“There are 50 ways to leave a lover, but 1,000 ways to f**k up a fish,” chuckles Uri Buri, Israel’s pre-eminent fish chef, as he presides over dish after dish of succulent morsels arriving at our table.
It’s an attitude we find all over Israel: a no-nonsense knowledge of what tastes good and bad. Uri Buri’s restaurant looks wholly unprepossessing from the outside. No music, stark white walls. But the ingredients – “never more than eight” says the chef – are vibrant. Food from east and west set together with little thought for anything but taste.
We had arrived in Akko on the north coast of Israel the night before from Tel Aviv, Israel’s melting pot and its largest city.
It was not the plan to follow our stomachs so assiduously but Israel is a country that eats. Every corner has a pastry shop oozing honey coloured baklava or a spice hawker or simply a mound of dates.
Israel produces over 90 per cent of its own food, and the old port of Jaffa – the city from which Tel Aviv sprouted – was once a humming orange export hub.
Tel Aviv is easily split into two: Jaffa and the older parts of the city such as the original Jewish neighbourhood Neve Tzedek, now home to an oasis of design shops and chi-chi cafes, and Tel Aviv itself with its Miami-like beachfront (a 50m seawater pool that is well worth a visit) and rows of Bauhaus villas.
We started at Jaffa’s much-loved pishpeshuk – flea market. It bursts out from the streets south of the Ottoman clock tower by the port and ranges from the mundane to the gor-blimey: old radios and teddies, Arabic side tables, coffee pots, records, army memorabilia, and 1940s electrics.
It’s lucky that fuel from Ali Caravan, Tel Aviv’s best and busiest hummus joint, is not far. Pots of warm fava bean paste swept up with pitta come at a small price and only a marginal amount of hustle.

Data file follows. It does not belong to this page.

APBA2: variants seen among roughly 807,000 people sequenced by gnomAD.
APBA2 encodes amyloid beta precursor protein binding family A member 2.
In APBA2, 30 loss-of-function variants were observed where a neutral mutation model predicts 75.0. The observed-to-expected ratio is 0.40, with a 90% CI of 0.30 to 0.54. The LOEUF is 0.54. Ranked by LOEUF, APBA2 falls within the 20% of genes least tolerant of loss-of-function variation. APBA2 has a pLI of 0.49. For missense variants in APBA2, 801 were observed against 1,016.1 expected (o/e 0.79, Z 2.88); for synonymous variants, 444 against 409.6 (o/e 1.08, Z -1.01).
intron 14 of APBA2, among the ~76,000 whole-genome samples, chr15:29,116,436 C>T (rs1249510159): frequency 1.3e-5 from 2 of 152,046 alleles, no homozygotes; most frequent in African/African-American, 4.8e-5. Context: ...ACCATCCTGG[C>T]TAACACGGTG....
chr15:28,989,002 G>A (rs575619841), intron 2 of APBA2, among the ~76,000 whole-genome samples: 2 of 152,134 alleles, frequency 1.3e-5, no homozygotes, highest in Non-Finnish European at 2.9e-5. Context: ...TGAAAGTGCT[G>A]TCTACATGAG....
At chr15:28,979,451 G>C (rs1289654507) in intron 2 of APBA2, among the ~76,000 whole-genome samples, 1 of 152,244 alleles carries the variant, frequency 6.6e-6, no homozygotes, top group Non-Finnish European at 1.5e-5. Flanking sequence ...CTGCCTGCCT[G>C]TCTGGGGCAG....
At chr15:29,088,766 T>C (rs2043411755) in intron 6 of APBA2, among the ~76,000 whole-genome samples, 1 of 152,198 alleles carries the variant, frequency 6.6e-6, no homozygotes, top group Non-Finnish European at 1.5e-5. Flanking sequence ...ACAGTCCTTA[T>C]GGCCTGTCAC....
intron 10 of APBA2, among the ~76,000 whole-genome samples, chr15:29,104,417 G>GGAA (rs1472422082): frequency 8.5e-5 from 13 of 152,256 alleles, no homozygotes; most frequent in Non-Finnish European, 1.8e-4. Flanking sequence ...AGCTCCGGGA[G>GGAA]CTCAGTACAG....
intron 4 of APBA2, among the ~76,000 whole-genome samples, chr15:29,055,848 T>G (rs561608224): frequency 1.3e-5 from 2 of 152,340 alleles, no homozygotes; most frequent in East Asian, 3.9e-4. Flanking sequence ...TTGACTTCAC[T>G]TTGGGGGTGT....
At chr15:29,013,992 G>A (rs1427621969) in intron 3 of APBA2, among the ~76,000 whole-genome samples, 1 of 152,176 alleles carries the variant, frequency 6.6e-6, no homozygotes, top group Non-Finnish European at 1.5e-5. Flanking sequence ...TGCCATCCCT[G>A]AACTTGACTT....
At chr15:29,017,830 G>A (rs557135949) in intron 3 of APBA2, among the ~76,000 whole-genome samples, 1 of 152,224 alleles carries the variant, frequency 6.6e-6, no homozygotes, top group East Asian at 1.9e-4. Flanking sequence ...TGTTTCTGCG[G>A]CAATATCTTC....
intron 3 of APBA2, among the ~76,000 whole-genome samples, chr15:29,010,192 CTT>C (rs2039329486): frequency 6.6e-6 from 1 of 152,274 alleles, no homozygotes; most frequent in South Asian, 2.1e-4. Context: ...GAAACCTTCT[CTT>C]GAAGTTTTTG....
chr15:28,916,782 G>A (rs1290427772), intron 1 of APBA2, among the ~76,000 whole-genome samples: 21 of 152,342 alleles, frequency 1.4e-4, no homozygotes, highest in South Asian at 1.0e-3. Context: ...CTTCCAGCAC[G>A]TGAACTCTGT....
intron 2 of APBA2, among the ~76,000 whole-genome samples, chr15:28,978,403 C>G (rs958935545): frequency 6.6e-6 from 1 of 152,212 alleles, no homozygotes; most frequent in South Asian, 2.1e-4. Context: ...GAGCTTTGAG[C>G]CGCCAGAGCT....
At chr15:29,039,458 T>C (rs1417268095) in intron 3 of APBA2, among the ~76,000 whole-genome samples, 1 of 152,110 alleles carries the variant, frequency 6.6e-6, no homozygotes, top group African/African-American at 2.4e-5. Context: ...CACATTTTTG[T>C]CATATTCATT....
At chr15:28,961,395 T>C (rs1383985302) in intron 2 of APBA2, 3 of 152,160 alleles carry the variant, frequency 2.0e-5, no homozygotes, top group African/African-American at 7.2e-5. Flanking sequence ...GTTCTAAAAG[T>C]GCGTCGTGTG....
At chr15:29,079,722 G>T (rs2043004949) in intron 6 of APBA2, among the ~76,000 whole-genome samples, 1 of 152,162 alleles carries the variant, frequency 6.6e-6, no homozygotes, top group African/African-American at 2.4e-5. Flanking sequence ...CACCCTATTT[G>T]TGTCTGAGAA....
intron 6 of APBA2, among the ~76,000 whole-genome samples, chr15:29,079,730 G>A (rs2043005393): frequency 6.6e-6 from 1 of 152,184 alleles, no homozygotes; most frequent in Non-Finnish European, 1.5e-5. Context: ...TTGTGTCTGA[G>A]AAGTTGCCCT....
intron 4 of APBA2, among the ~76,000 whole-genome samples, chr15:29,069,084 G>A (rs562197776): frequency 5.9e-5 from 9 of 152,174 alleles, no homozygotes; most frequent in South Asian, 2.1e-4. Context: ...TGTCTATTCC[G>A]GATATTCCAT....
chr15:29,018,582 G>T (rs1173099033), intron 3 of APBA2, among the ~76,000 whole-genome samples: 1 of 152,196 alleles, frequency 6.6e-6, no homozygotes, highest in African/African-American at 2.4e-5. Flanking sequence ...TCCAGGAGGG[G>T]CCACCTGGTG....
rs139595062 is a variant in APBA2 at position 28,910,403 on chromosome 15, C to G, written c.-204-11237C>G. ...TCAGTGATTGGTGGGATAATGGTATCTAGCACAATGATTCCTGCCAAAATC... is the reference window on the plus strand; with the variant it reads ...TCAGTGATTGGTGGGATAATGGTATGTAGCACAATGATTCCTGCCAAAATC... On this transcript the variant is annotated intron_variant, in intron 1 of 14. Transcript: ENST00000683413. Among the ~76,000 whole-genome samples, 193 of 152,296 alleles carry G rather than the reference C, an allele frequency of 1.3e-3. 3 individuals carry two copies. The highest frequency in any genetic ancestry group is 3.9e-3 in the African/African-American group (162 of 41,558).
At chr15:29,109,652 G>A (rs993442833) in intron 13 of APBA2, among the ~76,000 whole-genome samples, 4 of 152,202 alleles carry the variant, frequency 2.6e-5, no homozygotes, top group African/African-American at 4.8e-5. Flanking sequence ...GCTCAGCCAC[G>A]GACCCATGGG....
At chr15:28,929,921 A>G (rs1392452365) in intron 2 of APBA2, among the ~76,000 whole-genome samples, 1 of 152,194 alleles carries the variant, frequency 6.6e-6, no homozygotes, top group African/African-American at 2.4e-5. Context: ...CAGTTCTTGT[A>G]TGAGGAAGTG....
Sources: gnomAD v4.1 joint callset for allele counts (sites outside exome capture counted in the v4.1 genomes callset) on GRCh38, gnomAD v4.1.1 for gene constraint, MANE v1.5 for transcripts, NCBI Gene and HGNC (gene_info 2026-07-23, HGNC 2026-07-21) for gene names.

Tel Aviv is a city to see on your feet, as proved by our guide Amin, who took us from the uptown boulevards lined with the earliest Bauhaus buildings of the so-called ‘White City’ down to the ramshackle graffiti covered walls of Florentin. On the way he feeds us tidbits of information about historic adultery (look at the shutter holders on the older buildings), the city’s ‘thermometer’ windows and its much-loved kiosks.
Founded by just 66 Jewish families in the 1920s, Tel Aviv is home to some of the finest examples of Bauhaus architecture still extant thanks to the mass exodus of Bauhaus artists from Nazi Germany.
Even our hotel, Hotel Saul, pays homage to its minimalist legacy with posters of the most iconic buildings in each room, and a distinctly Bauhaus flavour to the design.
Better than the design though, the hotel manager David told us, is that Tel Aviv’s best sabich shop just happens to be on the same street.
This lunchtime staple is almost unique to Israel. The egg and aubergine pitta sandwich, in this case liberally adorned with four different sauces and three spice mixes, comes from an Iraqi-Jewish dish and is one of Tel Aviv’s most popular snacks. A close second can be found in Carmel Market across the road where laffa – a kind of flatbread – is liberally iced with creamy labneh and fragrant za’atar.
On Amin’s instructions we washed it down with eye-wateringly fresh bitter lime juice made by a Yemeni family on the edge of the market.